Comparing the Lipid-Lowering Effect of EVOO and Statins in Type 2 Diabetes

Daily consumption of extra virgin olive oil improves cholesterol without the side effects associated with statins.

By Mary West
Aug. 21, 2017 09:22 UTC

A new study com­pared the effi­cacy of extra vir­gin olive oil (EVOO) and a statin drug in low­er­ing lipids in peo­ple with type 2 dia­betes. While the med­ica­tion reduced lipids some­what more than EVOO, it comes with a host of side effects, some of which are seri­ous. Conversely, EVOO has an array of side ben­e­fits, such as low­er­ing blood pres­sure and pre­vent­ing blood clots, both of which can help pre­vent heart dis­ease.

As inflam­ma­tion plays a role in the devel­op­ment of heart dis­ease and many other chronic ill­nesses, the daily intake of olive oil can help pre­vent these con­di­tions.- Jonny Bowden, co-author of The Great Cholesterol Myth

Diabetes mel­li­tus often causes abnor­mal lipid lev­els called dys­lipi­demia, a con­di­tion that con­sists of raised lev­els of triglyc­erides, total cho­les­terol and low-den­sity lipopro­tein (LDL), known as bad cho­les­terol. The abnor­mal­ity also involves low lev­els of high-den­sity lipopro­tein (HDL), known as good cho­les­terol. This adverse effect on lipids can lead to microvas­cu­lar com­pli­ca­tions of dia­betes like neu­ropa­thy and retinopa­thy.

People with dys­lipi­demia fre­quently have triglyc­eride lev­els higher than 200mg/dL, total cho­les­terol greater than 200mg/dL, and LDL lev­els above 130mg/dL. Their HDL lev­els are often lower than 40mg/dL in men and 50mg/dL in women. These read­ings are sig­nif­i­cant because an ele­vated LDL increases the risk of coro­nary heart dis­ease, while an ele­vated HDL reduces the risk.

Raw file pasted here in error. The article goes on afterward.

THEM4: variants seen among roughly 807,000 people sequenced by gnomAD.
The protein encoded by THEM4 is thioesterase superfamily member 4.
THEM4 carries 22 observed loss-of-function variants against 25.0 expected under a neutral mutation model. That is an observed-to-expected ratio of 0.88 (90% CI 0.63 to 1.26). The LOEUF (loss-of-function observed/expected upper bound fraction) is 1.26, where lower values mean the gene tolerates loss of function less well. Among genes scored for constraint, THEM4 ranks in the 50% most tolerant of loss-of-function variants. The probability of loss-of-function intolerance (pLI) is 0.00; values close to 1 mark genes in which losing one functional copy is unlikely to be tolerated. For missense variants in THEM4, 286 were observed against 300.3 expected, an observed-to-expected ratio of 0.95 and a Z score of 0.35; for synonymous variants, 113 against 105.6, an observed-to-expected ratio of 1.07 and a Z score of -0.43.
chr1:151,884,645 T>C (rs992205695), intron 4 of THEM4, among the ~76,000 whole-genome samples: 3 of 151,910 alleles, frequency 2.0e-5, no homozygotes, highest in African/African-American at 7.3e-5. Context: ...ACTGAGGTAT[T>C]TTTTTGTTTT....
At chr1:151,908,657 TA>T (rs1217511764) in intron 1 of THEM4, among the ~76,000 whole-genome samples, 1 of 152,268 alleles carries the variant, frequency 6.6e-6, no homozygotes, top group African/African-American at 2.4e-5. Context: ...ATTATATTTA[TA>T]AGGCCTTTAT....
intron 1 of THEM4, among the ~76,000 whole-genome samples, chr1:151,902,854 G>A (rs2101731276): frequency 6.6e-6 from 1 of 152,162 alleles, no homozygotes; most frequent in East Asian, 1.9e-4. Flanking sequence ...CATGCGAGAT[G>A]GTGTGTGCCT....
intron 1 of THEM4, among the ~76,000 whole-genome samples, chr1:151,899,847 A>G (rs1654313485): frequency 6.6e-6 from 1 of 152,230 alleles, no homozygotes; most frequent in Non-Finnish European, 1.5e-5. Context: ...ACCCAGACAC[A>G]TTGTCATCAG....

Statins are com­monly pre­scribed to decrease lipids in patients with dys­lipi­demia, and one of the most pop­u­lar is ator­vas­tatin. Unfortunately, statins cause mus­cle pain, liver dam­age and other health prob­lems.

EVOO has prop­er­ties that improve cho­les­terol with­out any of the adverse reac­tions asso­ci­ated with statins. It low­ers triglyc­erides, total cho­les­terol and LDL as well as raises HDL. These ben­e­fits are thought to be due to the oil’s con­tent of mono­sat­u­rated fats and antiox­i­dants, food con­stituents that help pre­vent clogged arter­ies.

In the new ran­dom­ized con­trolled clin­i­cal trial pub­lished in the Journal of Ayub Medical College, Abbottabad, researchers com­pared the effects of ator­vas­tatin and EVOO on cho­les­terol. They divided a group of 60 patients with type 2 dia­betes and dys­lipi­demia into two groups; one of which took 40 mg of ator­vas­tatin per day and the other of which took two table­spoons of EVOO per day.

Among those who took the ator­vas­tatin, the mean dif­fer­ences in triglyc­erides, total cho­les­terol, LDL and HDL were 104, 110, 67, and 4 respec­tively. In those who took the EVOO, the val­ues were 46, 43, 31 and 3. These find­ings revealed that ator­vas­tatin low­ered triglyc­erides, total cho­les­terol and LDL by 20 to 40 per­cent, while the EVOO low­ered these para­me­ters by 14 to 25 per­cent. In addi­tion, the ator­vas­tatin increased HDL lev­els by 9 to 16 per­cent, and EVOO increased them by 8 to 12 per­cent.

Do statins really save lives and is cho­les­terol really a threat to health? Jonny Bowden, board-cer­ti­fied nutri­tion­ist and co-author of The Great Cholesterol Myth, tells Olive Oil Times that these wide­spread beliefs are in error.

Statins have enor­mous side effects and they are greatly under­re­ported. Moreover, data from stud­ies doesn’t pro­vide evi­dence that the med­ica­tions pro­tect against heart dis­ease and pro­long life.

On the other hand, olive oil is immensely health­ful. It has anti-inflam­ma­tory prop­er­ties, a ben­e­fit that is impor­tant for many body func­tions. As inflam­ma­tion plays a role in the devel­op­ment of heart dis­ease and many other chronic ill­nesses, the daily intake of olive oil can help pre­vent these con­di­tions.

Another com­mon view that recent stud­ies have proven wrong is that low­er­ing cho­les­terol is syn­ony­mous with reduc­ing the risk of heart dis­ease. Peer-reviewed research shows no asso­ci­a­tion of sat­u­rated fat with the mal­ady. In fact, in a Framingham study, peo­ple with the high­est cho­les­terol lived the longest.”


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